Humdrum Lab 2

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Perhaps view Humdrum Lab 1 before doing this lab.

This lab introduces the Essen Folksong Collection and some tools for analysis and data extraction from the collection.

1 Downloading a repertory from the collection

The data files for the Essen Folksong Collection can be browsed here:

    http://kern.ccarh.org/browse?l=/essen

The primary collection consists of about 5,000 German songs and 3,000 Chinese songs.

To download a particular sub-collection try:

     mkdir erk
     cd erk
     humsplit  h://essen/europa/deutschl/erk

This should download 1701 song files:

    $ ls *.krn | wc -l 
    1701

2 scaletype tool

A simple scale categorizing tool can list what sort of musical content the songs have:

   scaletype *.krn

Here is how to count each basic category of scaletype:

    scaletype -F *.krn | sortcount
    817	heptatonic
    583	hexatonic
    159	pentatonic
    108	chromatic
    33	toofew

The meaning of each category: `heptatonic` is 7 pitch classes, `hexatonic` is 6 pitch classes, `pentatonic` is 5 pitch classes, `chromatic` is more than 7 pitch classes and `toofew` is less than 5 pitch classes.


  • Exercise: What scale degrees are missing in songs classified as `pentatonic`?
  • Exercise: in the `toofew` how many pitch classes are there? (0, 1, 2, 3, or 4).

3 Meter

To list the time signatures of each song in the subcollection, try using grep:

    grep ^\*M[0-9]  *.krn

The string `^\*M[0-9]` is a "regular expression" which means: at the starting of a line (^) find an asterisk followed by the capital letter M followed by a character in the range from 0 to 9 (a digit).

It is often safer to place the regular expression in single quotes to avoid the terminal from messing with it:

    grep '^\*M[0-9]'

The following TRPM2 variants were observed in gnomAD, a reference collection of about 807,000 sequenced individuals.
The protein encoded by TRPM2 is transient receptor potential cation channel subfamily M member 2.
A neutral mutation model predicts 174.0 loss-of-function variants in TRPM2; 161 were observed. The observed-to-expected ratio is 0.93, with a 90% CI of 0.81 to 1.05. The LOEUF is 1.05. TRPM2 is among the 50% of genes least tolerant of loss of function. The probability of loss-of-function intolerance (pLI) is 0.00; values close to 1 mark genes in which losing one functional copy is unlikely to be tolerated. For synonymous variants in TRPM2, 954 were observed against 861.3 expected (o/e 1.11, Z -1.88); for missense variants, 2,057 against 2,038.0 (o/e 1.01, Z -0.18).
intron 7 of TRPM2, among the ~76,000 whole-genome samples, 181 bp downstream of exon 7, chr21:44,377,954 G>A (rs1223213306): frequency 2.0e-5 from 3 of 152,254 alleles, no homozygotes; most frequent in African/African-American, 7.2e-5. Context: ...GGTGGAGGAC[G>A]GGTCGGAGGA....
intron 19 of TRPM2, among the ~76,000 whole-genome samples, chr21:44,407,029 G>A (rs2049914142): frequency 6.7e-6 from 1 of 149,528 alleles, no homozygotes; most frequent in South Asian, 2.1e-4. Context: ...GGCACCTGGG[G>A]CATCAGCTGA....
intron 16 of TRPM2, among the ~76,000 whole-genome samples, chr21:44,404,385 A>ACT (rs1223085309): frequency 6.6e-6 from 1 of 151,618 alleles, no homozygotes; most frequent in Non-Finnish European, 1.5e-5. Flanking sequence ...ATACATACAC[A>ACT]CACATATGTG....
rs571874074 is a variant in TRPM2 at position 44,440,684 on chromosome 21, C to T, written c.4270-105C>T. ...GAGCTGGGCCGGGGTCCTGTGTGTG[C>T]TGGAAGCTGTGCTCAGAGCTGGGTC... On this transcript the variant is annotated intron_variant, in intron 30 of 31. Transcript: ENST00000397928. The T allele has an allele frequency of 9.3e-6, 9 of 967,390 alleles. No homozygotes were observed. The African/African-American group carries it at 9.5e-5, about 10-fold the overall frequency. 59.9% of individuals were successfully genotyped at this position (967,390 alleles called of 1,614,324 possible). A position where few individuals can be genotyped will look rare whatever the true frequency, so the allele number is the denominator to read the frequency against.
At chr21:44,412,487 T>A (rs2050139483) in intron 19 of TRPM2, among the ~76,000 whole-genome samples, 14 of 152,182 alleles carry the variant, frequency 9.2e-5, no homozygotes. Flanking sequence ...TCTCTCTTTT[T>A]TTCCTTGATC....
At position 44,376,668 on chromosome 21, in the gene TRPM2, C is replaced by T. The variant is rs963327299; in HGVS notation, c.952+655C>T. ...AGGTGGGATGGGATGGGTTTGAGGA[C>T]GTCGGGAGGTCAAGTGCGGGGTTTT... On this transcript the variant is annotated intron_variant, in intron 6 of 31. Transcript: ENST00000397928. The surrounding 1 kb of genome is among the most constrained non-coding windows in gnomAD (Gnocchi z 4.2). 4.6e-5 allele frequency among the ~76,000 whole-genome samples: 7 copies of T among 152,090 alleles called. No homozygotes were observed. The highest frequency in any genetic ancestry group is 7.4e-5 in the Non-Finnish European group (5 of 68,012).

The backslash is needed in this case because an asterisk by itself is a wildcard character in regular expressions which means to match to 0 or more of the previous character. But in this case we want to find the asterisk character so its non-special meaning is indicated by the backslash.

Count the number of songs in each meter with this command

         grep  -h '^\*M[0-9]' | sortcount

The -h option will suppress the name of the file in the output from grep. Type `man grep` to see more documentation about grep and its options. Alternatively search online for more information about grep. For example, here is a youtube tutorial on grep: https://www.youtube.com/watch?v=3w7xrQWRYrU

Sortcount is a humdrum extras script that basically merges these regular unix command line tools. try:

     grep -h '^\*M[0-9]' | sort | uniq -c | sort -nr

Try `man sort` and `man uniq` to learn more about those standard unix command-line tools.

The count of meters that I am getting for the erk subcollection is:

     581	*M4/4
     522	*M3/4
     473	*M2/4
     193	*M6/8
     119	*M3/8
     27	*M6/4
     8	*M3/2
     5	*M2/2
     1	*M4/2
     1	*M5/4


4 selecting by scaletype and meter

Often when you do analysis on music, you need to select music with common forms or features (such as input for David Cope's sort of analysis and music generation). Here is an example of selecting files by a particular meter and scaletype:

     scaletype `grep -l '^\*M3/4' *.krn` | grep heptatonic

The text in the backquotes is a command which is run first, then the result is passed as arguments to the scaletype program. In this case `-l` (lower-case L) means that grep should display all filenames for files that have a match for the regular expression.

Note that this method will have problems if the song changes the meter after the start of the music (if any of the meters in the file are matching to 3/4, then the whole file is being considered).

The scaletype command needs an equivalent of `-l`, but for now if you need a list of the files without the heptatonic label:


     scaletype `grep -l '^\*M3/4' *.krn` | grep heptatonic | sed 's/:.*//'


Save a copy of the 3/4 heptatonic files to a separate directory (262 files according to my count):

     mkdir 347